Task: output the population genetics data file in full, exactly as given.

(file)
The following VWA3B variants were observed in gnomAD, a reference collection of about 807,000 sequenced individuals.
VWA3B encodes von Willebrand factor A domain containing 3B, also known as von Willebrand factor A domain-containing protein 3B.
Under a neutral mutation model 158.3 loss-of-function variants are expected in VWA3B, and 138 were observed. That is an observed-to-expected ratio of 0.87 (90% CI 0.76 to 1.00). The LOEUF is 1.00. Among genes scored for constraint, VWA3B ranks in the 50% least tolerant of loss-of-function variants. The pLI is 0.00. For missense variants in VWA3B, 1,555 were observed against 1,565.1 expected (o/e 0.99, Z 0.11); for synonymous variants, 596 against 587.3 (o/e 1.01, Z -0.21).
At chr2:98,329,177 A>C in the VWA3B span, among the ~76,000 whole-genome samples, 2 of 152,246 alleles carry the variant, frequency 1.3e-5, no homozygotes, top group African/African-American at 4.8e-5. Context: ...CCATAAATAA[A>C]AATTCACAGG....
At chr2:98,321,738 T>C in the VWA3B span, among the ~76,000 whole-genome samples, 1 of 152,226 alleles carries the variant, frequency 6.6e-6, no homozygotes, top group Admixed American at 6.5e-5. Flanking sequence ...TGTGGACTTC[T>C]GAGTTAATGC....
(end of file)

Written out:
The following VWA3B variants were observed in gnomAD, a reference collection of about 807,000 sequenced individuals.
VWA3B encodes von Willebrand factor A domain containing 3B, also known as von Willebrand factor A domain-containing protein 3B.
Under a neutral mutation model 158.3 loss-of-function variants are expected in VWA3B, and 138 were observed. That is an observed-to-expected ratio of 0.87 (90% CI 0.76 to 1.00). The LOEUF is 1.00. Among genes scored for constraint, VWA3B ranks in the 50% least tolerant of loss-of-function variants. The pLI is 0.00. For missense variants in VWA3B, 1,555 were observed against 1,565.1 expected (o/e 0.99, Z 0.11); for synonymous variants, 596 against 587.3 (o/e 1.01, Z -0.21).
At chr2:98,329,177 A>C in the VWA3B span, among the ~76,000 whole-genome samples, 2 of 152,246 alleles carry the variant, frequency 1.3e-5, no homozygotes, top group African/African-American at 4.8e-5. Context: ...CCATAAATAA[A>C]AATTCACAGG....
At chr2:98,321,738 T>C in the VWA3B span, among the ~76,000 whole-genome samples, 1 of 152,226 alleles carries the variant, frequency 6.6e-6, no homozygotes, top group Admixed American at 6.5e-5. Flanking sequence ...TGTGGACTTC[T>C]GAGTTAATGC....